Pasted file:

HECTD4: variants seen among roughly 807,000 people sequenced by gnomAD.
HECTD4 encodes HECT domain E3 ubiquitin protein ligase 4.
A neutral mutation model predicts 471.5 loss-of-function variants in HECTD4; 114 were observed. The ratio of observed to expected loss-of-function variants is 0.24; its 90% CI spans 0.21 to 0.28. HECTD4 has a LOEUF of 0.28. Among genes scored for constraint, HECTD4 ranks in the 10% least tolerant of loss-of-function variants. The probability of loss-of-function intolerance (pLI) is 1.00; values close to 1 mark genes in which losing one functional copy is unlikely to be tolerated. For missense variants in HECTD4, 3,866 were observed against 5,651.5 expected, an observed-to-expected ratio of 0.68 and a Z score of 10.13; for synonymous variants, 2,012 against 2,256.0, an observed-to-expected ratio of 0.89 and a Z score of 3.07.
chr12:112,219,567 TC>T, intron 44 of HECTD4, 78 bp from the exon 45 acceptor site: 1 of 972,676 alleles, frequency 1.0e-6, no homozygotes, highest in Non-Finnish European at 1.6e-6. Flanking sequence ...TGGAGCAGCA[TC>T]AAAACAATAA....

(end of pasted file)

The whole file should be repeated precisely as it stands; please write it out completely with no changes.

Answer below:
HECTD4: variants seen among roughly 807,000 people sequenced by gnomAD.
HECTD4 encodes HECT domain E3 ubiquitin protein ligase 4.
A neutral mutation model predicts 471.5 loss-of-function variants in HECTD4; 114 were observed. The ratio of observed to expected loss-of-function variants is 0.24; its 90% CI spans 0.21 to 0.28. HECTD4 has a LOEUF of 0.28. Among genes scored for constraint, HECTD4 ranks in the 10% least tolerant of loss-of-function variants. The probability of loss-of-function intolerance (pLI) is 1.00; values close to 1 mark genes in which losing one functional copy is unlikely to be tolerated. For missense variants in HECTD4, 3,866 were observed against 5,651.5 expected, an observed-to-expected ratio of 0.68 and a Z score of 10.13; for synonymous variants, 2,012 against 2,256.0, an observed-to-expected ratio of 0.89 and a Z score of 3.07.
chr12:112,219,567 TC>T, intron 44 of HECTD4, 78 bp from the exon 45 acceptor site: 1 of 972,676 alleles, frequency 1.0e-6, no homozygotes, highest in Non-Finnish European at 1.6e-6. Flanking sequence ...TGGAGCAGCA[TC>T]AAAACAATAA....